IKEA is a natural fit for Pinterest, where home decor is one of the most popular categories. Recognizing its potential early on, IKEA was actually the first brand to launch a search campaign through Pinterest’s self-serve platform.
As Pinterest has evolved into more of a visual search engine, IKEA’s strategy evolved right along with it. Last summer, the brand launched a Pinterest campaign aimed at college students preparing to go back to school.
Using keyword targeting and Promoted Pins, IKEA increased clickthrough rate by 72% while decreasing cost-per-click by 37% year-over-year. We spoke with Kendra Ferguson, IKEA North America’s Media Project Manager, about the campaign, how Pinterest became part of the brand’s search strategy, and how Pinning differs from Googling.
ClickZ: What made you want to be a pioneer on Pinterest?
Kendra Ferguson: People like to think a lot about how they live. When searching on Pinterest, they typically have yet to settle on a brand, so we need to be returned in that early consideration set. The platform aligned closely with our Back-To-College campaign strategy, while allowing synergy between search and social. That prompted us to be a hand-raiser in testing this product.
CZ: How has IKEA’s Pinterest strategy evolved since then?
KF: We’ve really changed our view of Pinterest over the years. We initially lumped it into our overall social media strategy. But as the platform began to talk about itself as a discovery tool, we rethought our position. Unlike the majority of social channels, where shares are a top form of engagement, pinners are developing their own interests. They’re saving inspiration that they want to return to later, either to shop for or spark another idea. When you view Pinterest with that lens, it makes sense to instead pair it with your search and discovery strategy.
Our Pinterest strategy historically focused on Promoted Pins. That allowed for more contextual targeting and surrounded key timeframes or activations. With the Search product launch, we have been able to truly align our paid strategy with the nature of how consumers interact with Pinterest. Our strategy has been evolving toward evergreen support, targeting users who are looking for home decor and furnishing inspiration.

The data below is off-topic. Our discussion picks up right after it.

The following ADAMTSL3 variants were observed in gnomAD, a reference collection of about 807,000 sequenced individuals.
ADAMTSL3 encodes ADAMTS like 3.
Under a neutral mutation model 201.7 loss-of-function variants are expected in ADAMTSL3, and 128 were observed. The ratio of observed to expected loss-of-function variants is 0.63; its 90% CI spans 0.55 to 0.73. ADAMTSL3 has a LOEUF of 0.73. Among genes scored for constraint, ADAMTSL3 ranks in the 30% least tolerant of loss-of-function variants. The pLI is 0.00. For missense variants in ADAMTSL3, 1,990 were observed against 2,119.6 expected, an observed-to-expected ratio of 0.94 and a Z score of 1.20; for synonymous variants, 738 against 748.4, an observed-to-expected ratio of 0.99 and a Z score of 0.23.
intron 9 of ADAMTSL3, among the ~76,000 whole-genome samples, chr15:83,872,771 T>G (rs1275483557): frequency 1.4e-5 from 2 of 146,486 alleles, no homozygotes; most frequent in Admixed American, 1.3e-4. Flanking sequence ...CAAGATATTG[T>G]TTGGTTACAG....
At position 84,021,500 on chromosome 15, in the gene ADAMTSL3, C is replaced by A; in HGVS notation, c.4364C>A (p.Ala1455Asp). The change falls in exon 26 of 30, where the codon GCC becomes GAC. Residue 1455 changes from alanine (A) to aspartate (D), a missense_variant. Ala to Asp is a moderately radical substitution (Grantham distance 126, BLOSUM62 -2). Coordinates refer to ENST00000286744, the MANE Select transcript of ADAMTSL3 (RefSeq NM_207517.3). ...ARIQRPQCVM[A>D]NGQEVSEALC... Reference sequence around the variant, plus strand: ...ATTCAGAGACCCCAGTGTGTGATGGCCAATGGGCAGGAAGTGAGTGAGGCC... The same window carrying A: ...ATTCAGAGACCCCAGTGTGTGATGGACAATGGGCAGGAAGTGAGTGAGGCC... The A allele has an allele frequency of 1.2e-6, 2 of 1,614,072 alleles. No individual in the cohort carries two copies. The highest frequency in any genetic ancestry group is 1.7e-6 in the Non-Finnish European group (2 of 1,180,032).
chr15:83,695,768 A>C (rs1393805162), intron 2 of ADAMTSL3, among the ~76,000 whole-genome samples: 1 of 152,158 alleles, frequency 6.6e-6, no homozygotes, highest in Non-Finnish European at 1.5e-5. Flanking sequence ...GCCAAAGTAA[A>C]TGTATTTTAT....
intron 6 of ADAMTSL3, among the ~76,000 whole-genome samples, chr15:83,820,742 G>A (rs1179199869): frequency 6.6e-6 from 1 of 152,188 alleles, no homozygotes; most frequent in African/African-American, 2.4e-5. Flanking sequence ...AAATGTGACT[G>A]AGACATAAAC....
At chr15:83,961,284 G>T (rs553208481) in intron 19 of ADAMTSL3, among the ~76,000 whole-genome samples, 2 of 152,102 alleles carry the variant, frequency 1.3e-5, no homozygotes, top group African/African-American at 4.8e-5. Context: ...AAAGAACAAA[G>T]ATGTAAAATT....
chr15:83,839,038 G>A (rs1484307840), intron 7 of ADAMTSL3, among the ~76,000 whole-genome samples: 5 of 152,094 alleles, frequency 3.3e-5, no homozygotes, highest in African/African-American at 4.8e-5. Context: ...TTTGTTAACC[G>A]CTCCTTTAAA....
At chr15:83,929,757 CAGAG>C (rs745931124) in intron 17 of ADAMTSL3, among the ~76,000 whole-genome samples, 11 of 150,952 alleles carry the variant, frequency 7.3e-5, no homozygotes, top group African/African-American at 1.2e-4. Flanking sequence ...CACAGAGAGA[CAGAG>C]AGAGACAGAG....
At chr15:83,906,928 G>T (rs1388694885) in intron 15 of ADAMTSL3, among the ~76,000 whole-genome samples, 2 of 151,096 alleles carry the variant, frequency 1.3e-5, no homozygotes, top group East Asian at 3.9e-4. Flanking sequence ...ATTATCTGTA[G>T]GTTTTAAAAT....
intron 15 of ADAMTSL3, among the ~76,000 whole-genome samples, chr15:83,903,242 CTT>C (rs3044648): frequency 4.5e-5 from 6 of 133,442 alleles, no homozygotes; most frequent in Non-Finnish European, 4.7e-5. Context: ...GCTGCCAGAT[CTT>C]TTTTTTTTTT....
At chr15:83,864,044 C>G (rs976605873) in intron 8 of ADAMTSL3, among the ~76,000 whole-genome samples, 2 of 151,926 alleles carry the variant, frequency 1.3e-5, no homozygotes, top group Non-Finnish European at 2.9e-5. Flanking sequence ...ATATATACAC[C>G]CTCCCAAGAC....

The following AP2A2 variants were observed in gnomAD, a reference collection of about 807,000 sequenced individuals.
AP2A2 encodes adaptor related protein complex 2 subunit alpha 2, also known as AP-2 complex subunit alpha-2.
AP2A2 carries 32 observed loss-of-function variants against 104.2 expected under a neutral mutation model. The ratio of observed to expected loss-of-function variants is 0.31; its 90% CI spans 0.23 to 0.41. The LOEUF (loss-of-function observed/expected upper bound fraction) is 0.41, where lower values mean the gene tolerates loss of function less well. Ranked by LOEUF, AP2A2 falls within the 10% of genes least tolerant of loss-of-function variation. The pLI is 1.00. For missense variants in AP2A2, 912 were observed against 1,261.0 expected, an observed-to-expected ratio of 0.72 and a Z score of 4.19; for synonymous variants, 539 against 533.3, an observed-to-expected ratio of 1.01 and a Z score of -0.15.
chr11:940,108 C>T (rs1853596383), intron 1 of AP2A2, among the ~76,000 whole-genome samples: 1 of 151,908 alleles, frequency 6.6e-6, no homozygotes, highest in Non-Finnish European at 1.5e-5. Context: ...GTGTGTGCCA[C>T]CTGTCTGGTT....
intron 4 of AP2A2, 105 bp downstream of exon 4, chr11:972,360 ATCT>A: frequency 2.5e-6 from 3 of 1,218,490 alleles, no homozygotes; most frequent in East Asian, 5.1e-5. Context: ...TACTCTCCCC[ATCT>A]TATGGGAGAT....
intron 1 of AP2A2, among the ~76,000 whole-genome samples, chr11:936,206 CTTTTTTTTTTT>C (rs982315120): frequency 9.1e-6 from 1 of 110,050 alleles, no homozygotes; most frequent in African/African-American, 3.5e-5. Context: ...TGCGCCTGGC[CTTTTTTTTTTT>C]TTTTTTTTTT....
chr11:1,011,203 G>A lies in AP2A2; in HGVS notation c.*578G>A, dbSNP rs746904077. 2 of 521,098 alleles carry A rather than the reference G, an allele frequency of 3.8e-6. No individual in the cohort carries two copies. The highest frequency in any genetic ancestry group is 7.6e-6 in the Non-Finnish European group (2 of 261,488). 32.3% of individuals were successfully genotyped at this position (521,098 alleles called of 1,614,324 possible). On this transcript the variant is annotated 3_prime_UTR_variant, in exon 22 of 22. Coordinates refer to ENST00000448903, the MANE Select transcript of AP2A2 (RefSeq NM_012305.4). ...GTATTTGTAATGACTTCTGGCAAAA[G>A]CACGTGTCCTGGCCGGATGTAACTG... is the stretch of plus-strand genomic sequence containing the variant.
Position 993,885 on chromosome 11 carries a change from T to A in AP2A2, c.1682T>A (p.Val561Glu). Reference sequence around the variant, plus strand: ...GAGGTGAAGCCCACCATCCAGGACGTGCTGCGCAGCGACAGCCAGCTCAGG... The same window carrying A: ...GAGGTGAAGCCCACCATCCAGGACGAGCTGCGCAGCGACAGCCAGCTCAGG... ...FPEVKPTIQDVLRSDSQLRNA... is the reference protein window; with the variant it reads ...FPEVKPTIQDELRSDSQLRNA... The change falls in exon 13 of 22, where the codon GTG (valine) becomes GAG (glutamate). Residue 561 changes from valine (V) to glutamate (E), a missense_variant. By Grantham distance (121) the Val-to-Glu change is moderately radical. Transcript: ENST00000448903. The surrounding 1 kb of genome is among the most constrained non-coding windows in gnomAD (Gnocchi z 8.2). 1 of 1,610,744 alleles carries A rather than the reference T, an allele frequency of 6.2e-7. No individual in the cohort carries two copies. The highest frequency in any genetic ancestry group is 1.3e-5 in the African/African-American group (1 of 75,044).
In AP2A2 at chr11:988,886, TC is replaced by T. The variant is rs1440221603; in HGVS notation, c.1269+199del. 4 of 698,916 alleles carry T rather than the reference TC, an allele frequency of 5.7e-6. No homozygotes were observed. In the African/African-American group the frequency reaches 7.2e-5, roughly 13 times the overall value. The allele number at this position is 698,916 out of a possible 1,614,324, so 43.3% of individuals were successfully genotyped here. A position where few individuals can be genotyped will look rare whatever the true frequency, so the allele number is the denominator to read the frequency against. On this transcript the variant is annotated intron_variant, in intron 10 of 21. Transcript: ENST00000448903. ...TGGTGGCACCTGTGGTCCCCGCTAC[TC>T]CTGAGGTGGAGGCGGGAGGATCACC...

CZ: Can you tell us about your recent dorm room decor campaign?
KF: We targeted users with the most relevant inspirational content, based on intent indicated via their search queries, which was ideal for students looking to furnish their spaces. In addition, we wanted to be more integrated across the way media is purchased. This campaign allowed the team to tap into a biddable, self-serve and keyword-based buy that leveraged our media agency Wavemaker’s search expertise on a social platform.
We used Promoted Pins targeted to keywords such as “dorm ideas,” “college ideas,” and “dorm room organization.” That way, products appeared when people searched for ideas relating to setting up and decorating their dorms. The ads mixed lifestyle imagery and product shots. One Promoted Pin featured “the sweeter side of dorm life” with a photo of a rolling shelving unit perfect for storing snacks. Another, “playful pastels,” featured fun decor items in trendy colors like turquoise and millennial pink.
CZ: You increased CTR by 72%. How did you ensure the campaign would resonated so much with students?
KF: Being able to collaborate and leverage both search and social expertise drove the strong lift. Understanding historically top-performing terms from search campaigns on Google and Bing, and leaning into social consumer behavior during this Back-to-College timeframe, was key to crafting a strong targeting strategy. Combining that with Kenshoo’s technology, allowing for robust and granular optimizations, was key to drive such strong resonance with students.
CZ: Did any insights from the campaign surprise you?
KF: I wouldn’t say that we were surprised, but a key insight we derived was that user searches on Pinterest performed better with broader and top-funnel category terms. This is vastly different from traditional search campaigns, where performance is strongest when users are searching more specifically and in the lower funnel, such as searching for specific types of furniture or for the IKEA brand.
This speaks to how consumers view and interact differently with various platforms. Users go to a Google or Bing to answer a specific question or locate something in particular. Users on Pinterest have yet to align on what they want and are seeking more inspiration. With the success of this campaign, we’re looking to provide Pinterest users with an even more relevant and custom experience.